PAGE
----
Absence’s force unfolds, as you say, by multitudes. In relation to the poem, based on a divination by the means of one’s own soul, obviously there are some childhood references lurking. The beginning of life on the planet, the understanding of the means for being alive, the illumination of joy and it’s undercarriage/partner, sorrow. Creating snow angels. The sound of a distant train. A dead squirrel. These are all imprints, subtle accumulations of a personal, yet collective landscape. Soul, transgression’s agent for energy’s shift, seems a central preoccupation, thus a centerpiece poem.
The YOU I refer to is always multilayered. You, the stranger. You, my father. You, deceased. You, who go on living. I know you; you know me/ not. You are whispered of. You am I and I am you.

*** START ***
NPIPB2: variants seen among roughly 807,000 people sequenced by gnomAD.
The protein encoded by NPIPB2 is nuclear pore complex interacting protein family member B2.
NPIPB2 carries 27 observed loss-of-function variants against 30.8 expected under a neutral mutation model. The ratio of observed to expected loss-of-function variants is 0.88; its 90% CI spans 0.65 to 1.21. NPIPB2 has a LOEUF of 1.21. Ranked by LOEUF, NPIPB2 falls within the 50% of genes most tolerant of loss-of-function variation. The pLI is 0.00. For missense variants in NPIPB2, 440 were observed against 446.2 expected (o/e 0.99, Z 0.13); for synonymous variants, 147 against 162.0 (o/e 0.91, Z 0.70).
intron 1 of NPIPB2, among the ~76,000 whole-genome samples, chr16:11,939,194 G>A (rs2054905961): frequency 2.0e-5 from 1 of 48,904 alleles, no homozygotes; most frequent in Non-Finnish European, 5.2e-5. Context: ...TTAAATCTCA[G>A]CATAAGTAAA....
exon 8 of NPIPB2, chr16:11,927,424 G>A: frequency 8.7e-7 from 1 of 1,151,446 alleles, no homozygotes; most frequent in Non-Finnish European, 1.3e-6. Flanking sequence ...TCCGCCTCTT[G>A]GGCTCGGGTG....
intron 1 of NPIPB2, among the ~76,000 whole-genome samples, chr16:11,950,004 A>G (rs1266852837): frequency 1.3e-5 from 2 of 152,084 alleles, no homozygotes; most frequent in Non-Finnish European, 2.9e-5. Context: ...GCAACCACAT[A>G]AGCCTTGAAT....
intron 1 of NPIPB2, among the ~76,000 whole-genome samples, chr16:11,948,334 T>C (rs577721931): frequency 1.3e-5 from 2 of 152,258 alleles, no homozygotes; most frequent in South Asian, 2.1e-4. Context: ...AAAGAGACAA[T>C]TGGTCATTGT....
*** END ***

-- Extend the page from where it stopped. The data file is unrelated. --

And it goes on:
10.) “Epithalamium” is a poem where God is a coughing song embedded into the logos of a young girl. She awaits passively her confinement as she digests the language of His omission. The Epithalamium is a traditional Greek song in praise of a bride and groom on the way to their marital chamber. But the poem has a conflicting sentiment. “The small girl never looks up” as she wants to “kiss someone familiar,” instead “[staring] at a diagonal / scar down the wall,” staring just long enough to see Him. God is a hierarchical king in this ideology overpowering the girl without redemption. Traditional marriage here has no redemption. Does this reflect in your opinion our current marital conversations and how do you believe this logos and song needs to change to empower the partnership?